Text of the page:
It was announced in November with fanfare. Jeff Koons would donate a monumental sculpture, a hand holding a bouquet of balloon tulips, to the city of Paris to honor victims of the 2015 terrorist attacks here. The brainchild of the U.S. ambassador to France, it was a gift the city could hardly refuse.
Seven months later, the project is caught up in delays. A private foundation has taken longer than it expected to raise the estimated 3.5 million euros ($3.9 million) needed to make and install the work, which is more than 40 feet high. (Koons donated the concept, not the construction.) And although the plaza Koons selected for display of Bouquet of Tulips provides a view of the Eiffel Tower in the distance, the pavement isn’t strong enough to support the sculpture.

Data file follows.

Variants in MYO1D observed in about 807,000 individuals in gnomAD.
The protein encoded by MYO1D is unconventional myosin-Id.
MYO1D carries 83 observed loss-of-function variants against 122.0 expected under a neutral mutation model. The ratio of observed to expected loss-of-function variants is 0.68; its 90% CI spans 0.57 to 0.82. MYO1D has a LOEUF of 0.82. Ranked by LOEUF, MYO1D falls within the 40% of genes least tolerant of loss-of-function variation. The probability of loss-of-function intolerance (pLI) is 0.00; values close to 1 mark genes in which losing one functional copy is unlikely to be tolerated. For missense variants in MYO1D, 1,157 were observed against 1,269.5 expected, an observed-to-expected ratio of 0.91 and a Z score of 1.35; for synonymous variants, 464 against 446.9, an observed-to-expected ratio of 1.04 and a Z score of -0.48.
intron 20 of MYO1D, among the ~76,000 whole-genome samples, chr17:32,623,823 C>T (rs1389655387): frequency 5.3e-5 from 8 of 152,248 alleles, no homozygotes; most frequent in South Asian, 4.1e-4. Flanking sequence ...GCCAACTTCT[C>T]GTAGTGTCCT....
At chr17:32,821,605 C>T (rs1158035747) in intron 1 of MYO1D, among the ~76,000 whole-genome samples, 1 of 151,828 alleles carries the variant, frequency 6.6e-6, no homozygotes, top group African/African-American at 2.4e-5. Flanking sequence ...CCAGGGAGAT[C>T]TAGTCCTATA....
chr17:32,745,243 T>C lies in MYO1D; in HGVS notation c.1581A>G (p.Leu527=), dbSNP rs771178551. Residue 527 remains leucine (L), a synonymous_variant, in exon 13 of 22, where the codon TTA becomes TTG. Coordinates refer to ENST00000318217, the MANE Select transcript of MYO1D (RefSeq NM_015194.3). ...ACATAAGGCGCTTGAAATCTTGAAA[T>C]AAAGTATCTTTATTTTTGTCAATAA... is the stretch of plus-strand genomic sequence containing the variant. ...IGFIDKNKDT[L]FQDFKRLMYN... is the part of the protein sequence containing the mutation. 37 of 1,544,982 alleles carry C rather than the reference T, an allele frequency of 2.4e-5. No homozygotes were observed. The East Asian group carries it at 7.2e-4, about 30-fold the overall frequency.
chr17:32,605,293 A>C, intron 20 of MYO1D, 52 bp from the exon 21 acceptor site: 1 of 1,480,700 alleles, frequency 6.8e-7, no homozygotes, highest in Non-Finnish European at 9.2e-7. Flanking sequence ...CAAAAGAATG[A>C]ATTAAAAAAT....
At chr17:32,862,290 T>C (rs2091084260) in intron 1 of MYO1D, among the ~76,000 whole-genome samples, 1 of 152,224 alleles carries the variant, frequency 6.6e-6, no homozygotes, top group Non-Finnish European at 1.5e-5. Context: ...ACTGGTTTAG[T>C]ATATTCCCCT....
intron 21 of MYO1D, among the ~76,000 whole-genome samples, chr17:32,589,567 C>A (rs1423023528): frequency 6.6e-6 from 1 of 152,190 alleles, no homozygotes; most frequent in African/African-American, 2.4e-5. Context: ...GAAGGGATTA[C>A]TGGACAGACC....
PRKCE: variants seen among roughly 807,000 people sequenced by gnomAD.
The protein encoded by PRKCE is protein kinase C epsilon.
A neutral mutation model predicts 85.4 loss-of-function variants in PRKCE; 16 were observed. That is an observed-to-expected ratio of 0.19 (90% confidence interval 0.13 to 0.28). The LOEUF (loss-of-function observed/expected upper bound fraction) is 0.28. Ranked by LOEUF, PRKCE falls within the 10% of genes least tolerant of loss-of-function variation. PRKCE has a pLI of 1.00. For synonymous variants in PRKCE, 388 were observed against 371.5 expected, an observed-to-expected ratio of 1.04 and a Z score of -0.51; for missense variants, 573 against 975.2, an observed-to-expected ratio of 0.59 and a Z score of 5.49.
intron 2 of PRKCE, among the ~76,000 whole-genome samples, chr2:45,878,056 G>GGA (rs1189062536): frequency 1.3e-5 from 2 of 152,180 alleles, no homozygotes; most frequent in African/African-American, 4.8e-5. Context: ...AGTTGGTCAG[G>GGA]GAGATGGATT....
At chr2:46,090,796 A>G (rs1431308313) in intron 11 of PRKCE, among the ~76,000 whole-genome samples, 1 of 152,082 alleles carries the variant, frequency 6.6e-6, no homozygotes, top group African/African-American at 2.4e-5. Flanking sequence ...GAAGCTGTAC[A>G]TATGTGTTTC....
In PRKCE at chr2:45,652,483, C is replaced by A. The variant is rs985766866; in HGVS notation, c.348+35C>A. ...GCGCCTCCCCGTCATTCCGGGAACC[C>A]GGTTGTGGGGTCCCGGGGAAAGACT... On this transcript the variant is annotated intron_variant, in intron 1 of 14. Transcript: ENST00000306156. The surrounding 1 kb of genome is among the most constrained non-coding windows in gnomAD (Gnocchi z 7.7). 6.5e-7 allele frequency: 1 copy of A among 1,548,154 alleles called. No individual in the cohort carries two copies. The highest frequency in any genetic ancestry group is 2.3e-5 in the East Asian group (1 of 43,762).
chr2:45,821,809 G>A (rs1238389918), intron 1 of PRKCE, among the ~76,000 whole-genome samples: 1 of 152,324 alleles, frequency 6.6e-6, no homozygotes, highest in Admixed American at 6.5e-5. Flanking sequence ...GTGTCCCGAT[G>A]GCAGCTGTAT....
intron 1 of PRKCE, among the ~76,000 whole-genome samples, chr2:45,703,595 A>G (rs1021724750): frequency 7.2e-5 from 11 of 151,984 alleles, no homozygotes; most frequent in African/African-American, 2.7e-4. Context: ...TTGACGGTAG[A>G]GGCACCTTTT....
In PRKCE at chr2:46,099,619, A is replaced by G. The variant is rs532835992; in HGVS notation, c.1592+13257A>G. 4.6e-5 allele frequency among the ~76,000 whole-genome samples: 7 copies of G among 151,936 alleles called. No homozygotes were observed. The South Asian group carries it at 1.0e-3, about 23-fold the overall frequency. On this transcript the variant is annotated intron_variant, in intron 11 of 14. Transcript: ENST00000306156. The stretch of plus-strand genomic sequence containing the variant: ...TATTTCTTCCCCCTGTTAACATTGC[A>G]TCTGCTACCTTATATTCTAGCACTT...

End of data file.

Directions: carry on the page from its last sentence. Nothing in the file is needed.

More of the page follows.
“It’s a very difficult work to install, it’s 30 tons, and at the moment we’re facing a lot of technical problems,” said Jean de Loisy, president of the Palais de Tokyo, one of two contemporary art museums that share a building and the plaza where the sculpture is expected to land permanently in the city’s 16th Arrondissement.
He said that he appreciated the project and Koons’ art but was reluctant to alter underground exhibition rooms by installing pillars that would support the sculpture. Still, despite the complexities, de Loisy added that he was “very confident” the problems would be resolved.
The gift was arranged between the former U.S. ambassador to France and Monaco, Jane D. Hartley, and the mayor of Paris, Anne Hidalgo, to honor French-American friendship and to help boost tourism in a city that lives with the constant threat of terrorist attacks. The announcement was rushed in November, before Hartley, an appointee of President Barack Obama, left Paris, but also before the permits and…